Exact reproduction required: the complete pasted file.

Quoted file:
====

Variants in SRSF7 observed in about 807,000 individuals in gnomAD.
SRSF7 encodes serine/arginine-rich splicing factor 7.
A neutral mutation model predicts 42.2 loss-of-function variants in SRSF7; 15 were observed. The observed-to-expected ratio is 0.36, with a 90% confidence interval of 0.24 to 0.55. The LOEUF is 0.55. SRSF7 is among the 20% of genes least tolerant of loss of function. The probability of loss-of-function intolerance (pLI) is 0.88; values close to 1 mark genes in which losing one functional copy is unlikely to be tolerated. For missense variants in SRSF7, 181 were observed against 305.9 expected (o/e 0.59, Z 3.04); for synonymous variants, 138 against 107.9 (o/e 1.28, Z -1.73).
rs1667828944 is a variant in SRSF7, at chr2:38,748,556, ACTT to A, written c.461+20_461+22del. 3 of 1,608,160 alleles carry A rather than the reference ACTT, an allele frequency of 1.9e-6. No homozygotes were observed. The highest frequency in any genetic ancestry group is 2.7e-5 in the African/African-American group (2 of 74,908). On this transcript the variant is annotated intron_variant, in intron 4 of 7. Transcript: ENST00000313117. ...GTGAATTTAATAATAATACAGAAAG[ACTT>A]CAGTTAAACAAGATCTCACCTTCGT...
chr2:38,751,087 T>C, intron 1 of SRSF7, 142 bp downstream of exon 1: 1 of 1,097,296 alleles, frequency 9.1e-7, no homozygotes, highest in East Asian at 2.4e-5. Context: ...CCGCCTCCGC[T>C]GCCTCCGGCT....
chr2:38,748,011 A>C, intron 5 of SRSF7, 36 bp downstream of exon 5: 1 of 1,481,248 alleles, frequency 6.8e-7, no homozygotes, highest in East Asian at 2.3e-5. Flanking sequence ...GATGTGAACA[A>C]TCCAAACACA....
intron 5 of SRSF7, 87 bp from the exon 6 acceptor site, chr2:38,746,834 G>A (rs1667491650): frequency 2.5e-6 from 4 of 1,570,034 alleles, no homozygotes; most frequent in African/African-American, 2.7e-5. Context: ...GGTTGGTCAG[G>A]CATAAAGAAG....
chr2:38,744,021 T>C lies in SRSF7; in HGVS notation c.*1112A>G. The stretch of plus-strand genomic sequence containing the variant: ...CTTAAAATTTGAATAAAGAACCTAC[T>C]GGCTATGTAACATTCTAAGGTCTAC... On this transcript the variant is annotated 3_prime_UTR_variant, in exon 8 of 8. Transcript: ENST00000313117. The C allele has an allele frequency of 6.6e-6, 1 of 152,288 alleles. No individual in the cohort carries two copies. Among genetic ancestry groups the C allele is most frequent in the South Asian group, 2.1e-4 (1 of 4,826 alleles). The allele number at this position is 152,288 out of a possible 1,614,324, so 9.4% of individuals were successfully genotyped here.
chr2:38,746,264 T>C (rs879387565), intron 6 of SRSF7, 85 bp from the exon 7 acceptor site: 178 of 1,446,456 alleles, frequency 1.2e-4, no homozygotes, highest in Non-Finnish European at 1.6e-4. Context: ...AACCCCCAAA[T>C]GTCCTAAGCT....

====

Variants in SRSF7 observed in about 807,000 individuals in gnomAD.
SRSF7 encodes serine/arginine-rich splicing factor 7.
A neutral mutation model predicts 42.2 loss-of-function variants in SRSF7; 15 were observed. The observed-to-expected ratio is 0.36, with a 90% confidence interval of 0.24 to 0.55. The LOEUF is 0.55. SRSF7 is among the 20% of genes least tolerant of loss of function. The probability of loss-of-function intolerance (pLI) is 0.88; values close to 1 mark genes in which losing one functional copy is unlikely to be tolerated. For missense variants in SRSF7, 181 were observed against 305.9 expected (o/e 0.59, Z 3.04); for synonymous variants, 138 against 107.9 (o/e 1.28, Z -1.73).
rs1667828944 is a variant in SRSF7, at chr2:38,748,556, ACTT to A, written c.461+20_461+22del. 3 of 1,608,160 alleles carry A rather than the reference ACTT, an allele frequency of 1.9e-6. No homozygotes were observed. The highest frequency in any genetic ancestry group is 2.7e-5 in the African/African-American group (2 of 74,908). On this transcript the variant is annotated intron_variant, in intron 4 of 7. Transcript: ENST00000313117. ...GTGAATTTAATAATAATACAGAAAG[ACTT>A]CAGTTAAACAAGATCTCACCTTCGT...
chr2:38,751,087 T>C, intron 1 of SRSF7, 142 bp downstream of exon 1: 1 of 1,097,296 alleles, frequency 9.1e-7, no homozygotes, highest in East Asian at 2.4e-5. Context: ...CCGCCTCCGC[T>C]GCCTCCGGCT....
chr2:38,748,011 A>C, intron 5 of SRSF7, 36 bp downstream of exon 5: 1 of 1,481,248 alleles, frequency 6.8e-7, no homozygotes, highest in East Asian at 2.3e-5. Flanking sequence ...GATGTGAACA[A>C]TCCAAACACA....
intron 5 of SRSF7, 87 bp from the exon 6 acceptor site, chr2:38,746,834 G>A (rs1667491650): frequency 2.5e-6 from 4 of 1,570,034 alleles, no homozygotes; most frequent in African/African-American, 2.7e-5. Context: ...GGTTGGTCAG[G>A]CATAAAGAAG....
chr2:38,744,021 T>C lies in SRSF7; in HGVS notation c.*1112A>G. The stretch of plus-strand genomic sequence containing the variant: ...CTTAAAATTTGAATAAAGAACCTAC[T>C]GGCTATGTAACATTCTAAGGTCTAC... On this transcript the variant is annotated 3_prime_UTR_variant, in exon 8 of 8. Transcript: ENST00000313117. The C allele has an allele frequency of 6.6e-6, 1 of 152,288 alleles. No individual in the cohort carries two copies. Among genetic ancestry groups the C allele is most frequent in the South Asian group, 2.1e-4 (1 of 4,826 alleles). The allele number at this position is 152,288 out of a possible 1,614,324, so 9.4% of individuals were successfully genotyped here.
chr2:38,746,264 T>C (rs879387565), intron 6 of SRSF7, 85 bp from the exon 7 acceptor site: 178 of 1,446,456 alleles, frequency 1.2e-4, no homozygotes, highest in Non-Finnish European at 1.6e-4. Context: ...AACCCCCAAA[T>C]GTCCTAAGCT....